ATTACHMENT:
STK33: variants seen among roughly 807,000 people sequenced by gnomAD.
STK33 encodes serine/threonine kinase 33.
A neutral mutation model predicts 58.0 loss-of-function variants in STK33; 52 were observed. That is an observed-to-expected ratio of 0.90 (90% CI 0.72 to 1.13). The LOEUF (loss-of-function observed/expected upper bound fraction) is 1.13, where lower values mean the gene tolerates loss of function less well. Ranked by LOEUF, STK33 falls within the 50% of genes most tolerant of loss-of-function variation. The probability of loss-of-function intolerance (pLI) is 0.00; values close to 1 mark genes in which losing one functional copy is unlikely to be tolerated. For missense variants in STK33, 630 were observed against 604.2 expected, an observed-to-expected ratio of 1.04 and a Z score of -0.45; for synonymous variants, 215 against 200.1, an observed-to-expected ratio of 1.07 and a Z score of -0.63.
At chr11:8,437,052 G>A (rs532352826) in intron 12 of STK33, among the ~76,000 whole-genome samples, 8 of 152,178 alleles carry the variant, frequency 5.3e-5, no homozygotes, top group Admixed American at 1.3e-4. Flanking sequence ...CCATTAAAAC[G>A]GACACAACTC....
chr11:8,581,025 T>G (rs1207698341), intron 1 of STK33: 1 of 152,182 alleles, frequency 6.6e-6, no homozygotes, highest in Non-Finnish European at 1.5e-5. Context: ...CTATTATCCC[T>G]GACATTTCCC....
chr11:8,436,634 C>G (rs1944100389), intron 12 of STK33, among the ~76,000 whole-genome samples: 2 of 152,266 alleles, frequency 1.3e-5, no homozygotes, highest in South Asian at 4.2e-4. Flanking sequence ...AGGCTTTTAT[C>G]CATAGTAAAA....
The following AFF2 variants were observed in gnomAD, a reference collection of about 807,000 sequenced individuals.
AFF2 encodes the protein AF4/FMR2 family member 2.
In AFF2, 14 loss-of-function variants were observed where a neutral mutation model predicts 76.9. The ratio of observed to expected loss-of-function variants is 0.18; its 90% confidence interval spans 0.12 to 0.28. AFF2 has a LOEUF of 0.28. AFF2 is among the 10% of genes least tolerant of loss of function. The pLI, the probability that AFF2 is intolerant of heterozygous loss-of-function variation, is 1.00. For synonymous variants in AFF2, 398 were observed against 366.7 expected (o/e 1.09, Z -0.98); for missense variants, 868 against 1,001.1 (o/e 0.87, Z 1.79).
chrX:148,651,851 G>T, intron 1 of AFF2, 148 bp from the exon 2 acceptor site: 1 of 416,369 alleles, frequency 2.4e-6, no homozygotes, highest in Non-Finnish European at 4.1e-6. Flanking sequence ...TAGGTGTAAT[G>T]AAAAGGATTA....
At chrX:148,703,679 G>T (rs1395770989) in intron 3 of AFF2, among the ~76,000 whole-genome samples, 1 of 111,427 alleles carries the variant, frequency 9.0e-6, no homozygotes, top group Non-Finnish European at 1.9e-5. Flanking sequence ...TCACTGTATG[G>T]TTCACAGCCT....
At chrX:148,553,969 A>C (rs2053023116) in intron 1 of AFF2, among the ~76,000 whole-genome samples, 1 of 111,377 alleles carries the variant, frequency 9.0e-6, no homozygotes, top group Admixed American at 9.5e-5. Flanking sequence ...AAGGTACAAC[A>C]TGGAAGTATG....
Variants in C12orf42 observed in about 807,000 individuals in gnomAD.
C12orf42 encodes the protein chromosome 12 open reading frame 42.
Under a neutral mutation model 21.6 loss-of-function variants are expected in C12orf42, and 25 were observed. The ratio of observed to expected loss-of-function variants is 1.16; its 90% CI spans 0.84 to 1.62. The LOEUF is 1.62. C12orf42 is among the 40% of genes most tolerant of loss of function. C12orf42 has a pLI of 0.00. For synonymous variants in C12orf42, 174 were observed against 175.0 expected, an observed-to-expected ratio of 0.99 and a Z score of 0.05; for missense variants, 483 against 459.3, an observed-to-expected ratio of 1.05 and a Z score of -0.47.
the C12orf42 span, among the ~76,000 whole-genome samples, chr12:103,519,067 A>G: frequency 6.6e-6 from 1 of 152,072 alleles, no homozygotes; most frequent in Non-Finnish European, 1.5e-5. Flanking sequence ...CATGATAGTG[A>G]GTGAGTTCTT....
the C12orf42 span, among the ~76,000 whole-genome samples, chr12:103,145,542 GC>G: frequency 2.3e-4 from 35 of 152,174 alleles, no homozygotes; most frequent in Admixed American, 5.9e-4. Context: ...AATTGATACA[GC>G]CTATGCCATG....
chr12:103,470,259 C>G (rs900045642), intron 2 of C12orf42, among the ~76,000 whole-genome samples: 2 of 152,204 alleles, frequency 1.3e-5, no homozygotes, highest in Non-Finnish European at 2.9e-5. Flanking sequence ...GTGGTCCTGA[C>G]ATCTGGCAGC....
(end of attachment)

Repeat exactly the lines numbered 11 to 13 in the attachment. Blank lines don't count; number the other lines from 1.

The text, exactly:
At chrX:148,703,679 G>T (rs1395770989) in intron 3 of AFF2, among the ~76,000 whole-genome samples, 1 of 111,427 alleles carries the variant, frequency 9.0e-6, no homozygotes, top group Non-Finnish European at 1.9e-5. Flanking sequence ...TCACTGTATG[G>T]TTCACAGCCT....
At chrX:148,553,969 A>C (rs2053023116) in intron 1 of AFF2, among the ~76,000 whole-genome samples, 1 of 111,377 alleles carries the variant, frequency 9.0e-6, no homozygotes, top group Admixed American at 9.5e-5. Flanking sequence ...AAGGTACAAC[A>C]TGGAAGTATG....
Variants in C12orf42 observed in about 807,000 individuals in gnomAD.